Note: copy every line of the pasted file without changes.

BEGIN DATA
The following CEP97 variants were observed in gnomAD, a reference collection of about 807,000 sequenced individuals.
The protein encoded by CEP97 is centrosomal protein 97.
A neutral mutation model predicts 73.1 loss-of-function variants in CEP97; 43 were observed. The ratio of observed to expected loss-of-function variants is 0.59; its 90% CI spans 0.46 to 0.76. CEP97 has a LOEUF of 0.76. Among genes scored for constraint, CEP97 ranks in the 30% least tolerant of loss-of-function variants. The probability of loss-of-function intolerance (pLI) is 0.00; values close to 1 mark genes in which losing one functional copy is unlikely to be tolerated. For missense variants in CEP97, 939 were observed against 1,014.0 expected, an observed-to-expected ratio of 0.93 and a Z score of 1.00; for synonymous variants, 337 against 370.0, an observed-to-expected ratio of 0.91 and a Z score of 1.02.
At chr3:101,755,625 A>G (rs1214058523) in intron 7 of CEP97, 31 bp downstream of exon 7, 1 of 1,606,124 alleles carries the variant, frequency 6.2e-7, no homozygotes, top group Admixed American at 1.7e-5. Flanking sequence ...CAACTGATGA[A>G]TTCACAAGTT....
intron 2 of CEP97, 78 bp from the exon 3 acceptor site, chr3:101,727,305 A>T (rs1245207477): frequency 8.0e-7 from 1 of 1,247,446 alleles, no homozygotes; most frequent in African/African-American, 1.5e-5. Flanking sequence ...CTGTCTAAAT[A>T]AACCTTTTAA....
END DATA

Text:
The following CEP97 variants were observed in gnomAD, a reference collection of about 807,000 sequenced individuals.
The protein encoded by CEP97 is centrosomal protein 97.
A neutral mutation model predicts 73.1 loss-of-function variants in CEP97; 43 were observed. The ratio of observed to expected loss-of-function variants is 0.59; its 90% CI spans 0.46 to 0.76. CEP97 has a LOEUF of 0.76. Among genes scored for constraint, CEP97 ranks in the 30% least tolerant of loss-of-function variants. The probability of loss-of-function intolerance (pLI) is 0.00; values close to 1 mark genes in which losing one functional copy is unlikely to be tolerated. For missense variants in CEP97, 939 were observed against 1,014.0 expected, an observed-to-expected ratio of 0.93 and a Z score of 1.00; for synonymous variants, 337 against 370.0, an observed-to-expected ratio of 0.91 and a Z score of 1.02.
At chr3:101,755,625 A>G (rs1214058523) in intron 7 of CEP97, 31 bp downstream of exon 7, 1 of 1,606,124 alleles carries the variant, frequency 6.2e-7, no homozygotes, top group Admixed American at 1.7e-5. Flanking sequence ...CAACTGATGA[A>G]TTCACAAGTT....
intron 2 of CEP97, 78 bp from the exon 3 acceptor site, chr3:101,727,305 A>T (rs1245207477): frequency 8.0e-7 from 1 of 1,247,446 alleles, no homozygotes; most frequent in African/African-American, 1.5e-5. Flanking sequence ...CTGTCTAAAT[A>T]AACCTTTTAA....